Village Appoints New Deputy Mayor, Discusses Partnership with OLC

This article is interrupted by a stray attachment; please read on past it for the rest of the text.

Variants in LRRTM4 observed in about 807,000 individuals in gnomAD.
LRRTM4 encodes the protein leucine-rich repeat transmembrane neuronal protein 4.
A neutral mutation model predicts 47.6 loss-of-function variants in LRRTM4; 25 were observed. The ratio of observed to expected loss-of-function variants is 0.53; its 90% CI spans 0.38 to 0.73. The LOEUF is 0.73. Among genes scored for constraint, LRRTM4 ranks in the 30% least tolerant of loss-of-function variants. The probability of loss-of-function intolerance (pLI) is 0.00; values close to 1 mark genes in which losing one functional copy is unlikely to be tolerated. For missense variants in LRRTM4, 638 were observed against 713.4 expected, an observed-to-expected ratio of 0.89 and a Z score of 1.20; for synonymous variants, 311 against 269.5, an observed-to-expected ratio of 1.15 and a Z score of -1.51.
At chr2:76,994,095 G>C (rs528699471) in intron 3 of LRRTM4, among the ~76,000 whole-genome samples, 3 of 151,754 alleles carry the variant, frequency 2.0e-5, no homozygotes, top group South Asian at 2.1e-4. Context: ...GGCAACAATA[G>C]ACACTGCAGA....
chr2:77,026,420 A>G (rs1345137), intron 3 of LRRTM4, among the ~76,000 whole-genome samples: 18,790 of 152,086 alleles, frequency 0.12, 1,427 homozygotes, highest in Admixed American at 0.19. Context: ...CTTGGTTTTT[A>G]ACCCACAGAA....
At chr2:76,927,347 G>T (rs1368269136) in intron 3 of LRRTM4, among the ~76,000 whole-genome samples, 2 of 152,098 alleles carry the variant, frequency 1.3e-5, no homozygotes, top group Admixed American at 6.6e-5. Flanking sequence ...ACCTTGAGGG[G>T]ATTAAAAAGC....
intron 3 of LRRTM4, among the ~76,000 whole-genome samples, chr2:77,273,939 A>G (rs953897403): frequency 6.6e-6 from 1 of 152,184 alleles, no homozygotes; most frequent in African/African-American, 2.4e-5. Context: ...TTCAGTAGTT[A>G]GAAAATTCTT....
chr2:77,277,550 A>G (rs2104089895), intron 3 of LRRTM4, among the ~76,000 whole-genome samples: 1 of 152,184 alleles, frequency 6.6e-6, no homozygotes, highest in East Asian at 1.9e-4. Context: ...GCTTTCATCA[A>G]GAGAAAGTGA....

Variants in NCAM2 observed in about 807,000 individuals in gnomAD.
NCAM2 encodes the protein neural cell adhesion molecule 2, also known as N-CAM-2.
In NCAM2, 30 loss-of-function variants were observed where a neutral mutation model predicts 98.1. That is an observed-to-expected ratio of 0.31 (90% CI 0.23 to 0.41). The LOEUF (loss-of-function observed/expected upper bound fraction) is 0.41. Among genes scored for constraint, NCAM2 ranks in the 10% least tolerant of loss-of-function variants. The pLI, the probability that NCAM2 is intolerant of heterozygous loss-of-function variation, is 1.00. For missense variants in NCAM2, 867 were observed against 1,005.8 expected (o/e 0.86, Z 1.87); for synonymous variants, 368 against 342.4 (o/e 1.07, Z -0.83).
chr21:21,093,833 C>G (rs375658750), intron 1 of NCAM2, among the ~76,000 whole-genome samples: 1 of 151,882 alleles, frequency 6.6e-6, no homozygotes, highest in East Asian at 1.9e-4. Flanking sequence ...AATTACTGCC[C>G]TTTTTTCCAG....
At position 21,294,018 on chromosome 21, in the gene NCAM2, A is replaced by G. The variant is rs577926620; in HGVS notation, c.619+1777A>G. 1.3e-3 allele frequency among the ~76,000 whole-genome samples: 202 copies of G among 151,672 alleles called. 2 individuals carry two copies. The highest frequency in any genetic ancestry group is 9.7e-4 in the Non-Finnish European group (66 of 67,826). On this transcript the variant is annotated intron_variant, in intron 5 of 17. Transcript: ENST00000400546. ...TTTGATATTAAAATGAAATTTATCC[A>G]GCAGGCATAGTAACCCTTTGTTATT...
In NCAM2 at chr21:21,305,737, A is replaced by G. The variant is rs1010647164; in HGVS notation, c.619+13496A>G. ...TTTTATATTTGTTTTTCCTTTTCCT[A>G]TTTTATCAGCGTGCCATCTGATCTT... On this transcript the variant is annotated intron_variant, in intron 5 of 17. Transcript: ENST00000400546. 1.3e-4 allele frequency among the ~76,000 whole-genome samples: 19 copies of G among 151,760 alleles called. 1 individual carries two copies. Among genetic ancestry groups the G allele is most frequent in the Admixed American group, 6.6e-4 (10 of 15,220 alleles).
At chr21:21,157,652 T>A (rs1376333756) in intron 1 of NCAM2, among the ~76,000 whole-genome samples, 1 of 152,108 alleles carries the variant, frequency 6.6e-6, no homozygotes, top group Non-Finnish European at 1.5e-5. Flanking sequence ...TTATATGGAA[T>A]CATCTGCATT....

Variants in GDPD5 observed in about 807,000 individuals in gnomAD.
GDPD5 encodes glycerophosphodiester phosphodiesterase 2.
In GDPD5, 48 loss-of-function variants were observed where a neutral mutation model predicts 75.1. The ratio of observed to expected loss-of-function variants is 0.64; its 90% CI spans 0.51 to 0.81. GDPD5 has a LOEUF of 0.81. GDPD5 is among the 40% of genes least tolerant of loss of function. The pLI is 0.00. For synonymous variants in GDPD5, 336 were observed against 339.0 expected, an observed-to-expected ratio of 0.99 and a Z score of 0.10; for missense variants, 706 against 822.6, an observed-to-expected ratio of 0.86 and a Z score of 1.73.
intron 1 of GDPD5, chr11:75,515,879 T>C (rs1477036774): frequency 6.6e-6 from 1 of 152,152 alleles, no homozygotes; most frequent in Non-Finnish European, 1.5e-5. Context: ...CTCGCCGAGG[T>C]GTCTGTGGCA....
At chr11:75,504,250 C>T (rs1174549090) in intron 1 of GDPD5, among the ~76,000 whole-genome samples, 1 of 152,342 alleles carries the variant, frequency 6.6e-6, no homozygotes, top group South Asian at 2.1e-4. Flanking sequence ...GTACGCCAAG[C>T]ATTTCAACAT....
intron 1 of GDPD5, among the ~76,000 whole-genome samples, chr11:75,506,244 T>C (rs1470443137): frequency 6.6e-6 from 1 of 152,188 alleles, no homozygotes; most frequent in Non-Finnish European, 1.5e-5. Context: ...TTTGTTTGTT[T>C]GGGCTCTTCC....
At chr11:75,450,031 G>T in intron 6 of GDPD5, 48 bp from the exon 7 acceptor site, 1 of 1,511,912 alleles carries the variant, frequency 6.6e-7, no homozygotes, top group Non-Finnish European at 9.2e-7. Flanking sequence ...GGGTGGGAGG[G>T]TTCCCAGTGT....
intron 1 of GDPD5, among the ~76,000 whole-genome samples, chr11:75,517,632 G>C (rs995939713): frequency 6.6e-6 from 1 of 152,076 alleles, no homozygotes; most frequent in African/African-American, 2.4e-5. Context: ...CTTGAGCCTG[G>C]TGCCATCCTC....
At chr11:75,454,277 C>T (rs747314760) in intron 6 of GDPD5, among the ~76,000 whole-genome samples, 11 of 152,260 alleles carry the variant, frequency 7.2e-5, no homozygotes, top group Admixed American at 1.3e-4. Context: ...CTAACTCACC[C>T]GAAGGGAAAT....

By Tom Walogorsky ​ The Pawling Village Board convened on July 3 to discuss several new issues, as well as provide updates for ongoing projects. First on the agenda was the appointment of the new Deputy Mayor, Dan Peters. The Board voted unanimously on this measure, filling the position vacated by the late Stan Mersand. Mr. Peters is a four-year veteran of the Board. “I think it’s an honor to be promoted to this position, and I look forward to serving the community in this capacity,” Peters said. ​ Next, the Board heard a presentation from Sibyl Gilbert, the Vice Chair of the Oblong Land Conservancy. Ms. Gilbert addressed the possibility of Oblong purchasing a parcel of land in the village between Oak Street and Union Street. Located in the North Flow of the area’s wetlands, this 7.69-acre plot receives water runoff from Mt. Tom and West Mountain, leading to a stream by Cole’s Mill on Old Route 55. This area is a functional wetland with two streams, and is also part of the Great Swamp. The land is regulated by the Department of Environmental Conservation (DEC). ​ The Oblong Conservancy seeks to partner with the Village of Pawling and to address the issue of waste that had been dumped there, specifically in the area behind Walnut Street. The proposed joint effort between Oblong and village officials would involve not only a clean up of trash that had accumulated in this area, but also the services of a qualified environmental consultant. This consultant would conduct water tests and confirm that there are no potential hazards to the community wells located to the North and South of the parcel. The DEC and village officials had previously confirmed that the accumulated waste presented no environmental hazard, and the Board will consider further clean up strategies in the coming months. ​ The Board provided an update on the ongoing process of repaving several village roads. Recently, officials have been accepting bids and are close to finalizing plans for repairs to Broad Street, Charles Street, West Street, West Main Street, and Charles Coleman Blvd. Once the final bid is decided, these roads will receive much needed repairs to fix bumps and potholes that have accumulated during the winter months. ​ Finally, the Village Board heard from a number of residents to address several issues. Chief among these are parking regulations in the village. Homeowners are concerned that a recent trend of apartment house residents parking on their front lawns will have a detrimental effect on property values and the community as a whole. A survey conducted by a resident in attendance revealed that thirteen instances of lawn parking at local apartment houses had been documented. Village officials will confer with the building inspector and continue to address the matter.